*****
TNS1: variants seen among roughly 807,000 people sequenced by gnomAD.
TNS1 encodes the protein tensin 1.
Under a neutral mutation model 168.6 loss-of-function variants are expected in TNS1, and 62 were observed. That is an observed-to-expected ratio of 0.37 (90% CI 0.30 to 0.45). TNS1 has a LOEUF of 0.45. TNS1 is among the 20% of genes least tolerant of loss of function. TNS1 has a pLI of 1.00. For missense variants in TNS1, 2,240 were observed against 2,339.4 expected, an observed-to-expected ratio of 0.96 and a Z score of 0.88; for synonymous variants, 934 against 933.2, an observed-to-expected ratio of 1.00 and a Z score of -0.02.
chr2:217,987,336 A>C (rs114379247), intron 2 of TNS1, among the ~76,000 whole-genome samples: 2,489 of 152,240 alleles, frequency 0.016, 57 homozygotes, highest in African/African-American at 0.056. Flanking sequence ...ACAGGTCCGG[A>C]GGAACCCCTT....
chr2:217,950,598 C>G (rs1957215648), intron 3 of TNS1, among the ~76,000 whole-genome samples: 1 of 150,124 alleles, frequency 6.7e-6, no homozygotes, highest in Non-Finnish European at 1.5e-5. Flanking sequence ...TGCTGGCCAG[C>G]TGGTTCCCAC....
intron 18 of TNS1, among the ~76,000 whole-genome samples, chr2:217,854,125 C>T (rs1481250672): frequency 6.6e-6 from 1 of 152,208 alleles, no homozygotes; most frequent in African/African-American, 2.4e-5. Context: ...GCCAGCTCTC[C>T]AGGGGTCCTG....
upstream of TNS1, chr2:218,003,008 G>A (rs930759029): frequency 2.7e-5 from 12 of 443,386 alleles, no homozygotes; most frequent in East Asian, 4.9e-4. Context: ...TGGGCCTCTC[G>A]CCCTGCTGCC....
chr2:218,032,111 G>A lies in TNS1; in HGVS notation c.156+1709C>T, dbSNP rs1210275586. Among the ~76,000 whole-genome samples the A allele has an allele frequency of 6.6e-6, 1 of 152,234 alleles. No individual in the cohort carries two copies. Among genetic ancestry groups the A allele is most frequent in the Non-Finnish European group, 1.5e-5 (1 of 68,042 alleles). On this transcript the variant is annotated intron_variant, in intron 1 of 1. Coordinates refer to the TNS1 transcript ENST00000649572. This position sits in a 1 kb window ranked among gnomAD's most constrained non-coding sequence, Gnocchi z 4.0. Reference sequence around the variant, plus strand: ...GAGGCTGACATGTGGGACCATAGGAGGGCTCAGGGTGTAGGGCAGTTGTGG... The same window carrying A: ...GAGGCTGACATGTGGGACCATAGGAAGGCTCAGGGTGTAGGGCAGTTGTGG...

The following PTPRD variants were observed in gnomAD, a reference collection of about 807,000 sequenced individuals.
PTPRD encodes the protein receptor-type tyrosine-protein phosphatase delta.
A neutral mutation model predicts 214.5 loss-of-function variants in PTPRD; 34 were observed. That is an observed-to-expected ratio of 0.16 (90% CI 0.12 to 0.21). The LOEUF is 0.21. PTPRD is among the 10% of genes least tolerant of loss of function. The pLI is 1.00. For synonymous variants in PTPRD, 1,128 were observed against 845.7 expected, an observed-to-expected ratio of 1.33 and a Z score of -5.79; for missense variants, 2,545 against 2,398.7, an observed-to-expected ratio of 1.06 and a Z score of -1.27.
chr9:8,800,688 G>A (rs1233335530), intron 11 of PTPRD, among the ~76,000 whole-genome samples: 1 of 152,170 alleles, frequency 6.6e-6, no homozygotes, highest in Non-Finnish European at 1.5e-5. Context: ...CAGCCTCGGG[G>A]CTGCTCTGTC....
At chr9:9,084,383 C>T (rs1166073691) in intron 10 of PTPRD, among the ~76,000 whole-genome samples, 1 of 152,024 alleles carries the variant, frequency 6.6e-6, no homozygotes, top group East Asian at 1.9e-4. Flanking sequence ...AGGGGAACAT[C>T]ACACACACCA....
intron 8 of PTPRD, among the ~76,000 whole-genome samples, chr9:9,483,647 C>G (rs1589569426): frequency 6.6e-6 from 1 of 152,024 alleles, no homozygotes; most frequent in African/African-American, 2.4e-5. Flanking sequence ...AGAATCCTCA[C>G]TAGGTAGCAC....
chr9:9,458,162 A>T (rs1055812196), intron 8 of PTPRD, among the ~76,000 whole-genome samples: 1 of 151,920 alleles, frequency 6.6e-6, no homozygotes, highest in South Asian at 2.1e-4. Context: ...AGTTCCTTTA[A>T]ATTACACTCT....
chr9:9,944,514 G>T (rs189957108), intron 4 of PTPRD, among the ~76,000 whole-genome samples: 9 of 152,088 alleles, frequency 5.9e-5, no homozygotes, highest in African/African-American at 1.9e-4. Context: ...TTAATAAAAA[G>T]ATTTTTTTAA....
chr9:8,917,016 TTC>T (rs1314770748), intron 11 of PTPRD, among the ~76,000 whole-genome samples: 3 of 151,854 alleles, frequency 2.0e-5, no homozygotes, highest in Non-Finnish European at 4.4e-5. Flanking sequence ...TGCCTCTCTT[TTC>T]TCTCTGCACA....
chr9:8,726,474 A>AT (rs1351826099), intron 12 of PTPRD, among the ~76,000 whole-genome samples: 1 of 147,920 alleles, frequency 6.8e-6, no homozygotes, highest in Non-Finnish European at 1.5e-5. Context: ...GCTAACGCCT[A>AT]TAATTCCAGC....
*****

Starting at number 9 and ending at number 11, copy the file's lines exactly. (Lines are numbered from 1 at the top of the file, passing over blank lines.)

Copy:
The following PTPRD variants were observed in gnomAD, a reference collection of about 807,000 sequenced individuals.
PTPRD encodes the protein receptor-type tyrosine-protein phosphatase delta.
A neutral mutation model predicts 214.5 loss-of-function variants in PTPRD; 34 were observed. That is an observed-to-expected ratio of 0.16 (90% CI 0.12 to 0.21). The LOEUF is 0.21. PTPRD is among the 10% of genes least tolerant of loss of function. The pLI is 1.00. For synonymous variants in PTPRD, 1,128 were observed against 845.7 expected, an observed-to-expected ratio of 1.33 and a Z score of -5.79; for missense variants, 2,545 against 2,398.7, an observed-to-expected ratio of 1.06 and a Z score of -1.27.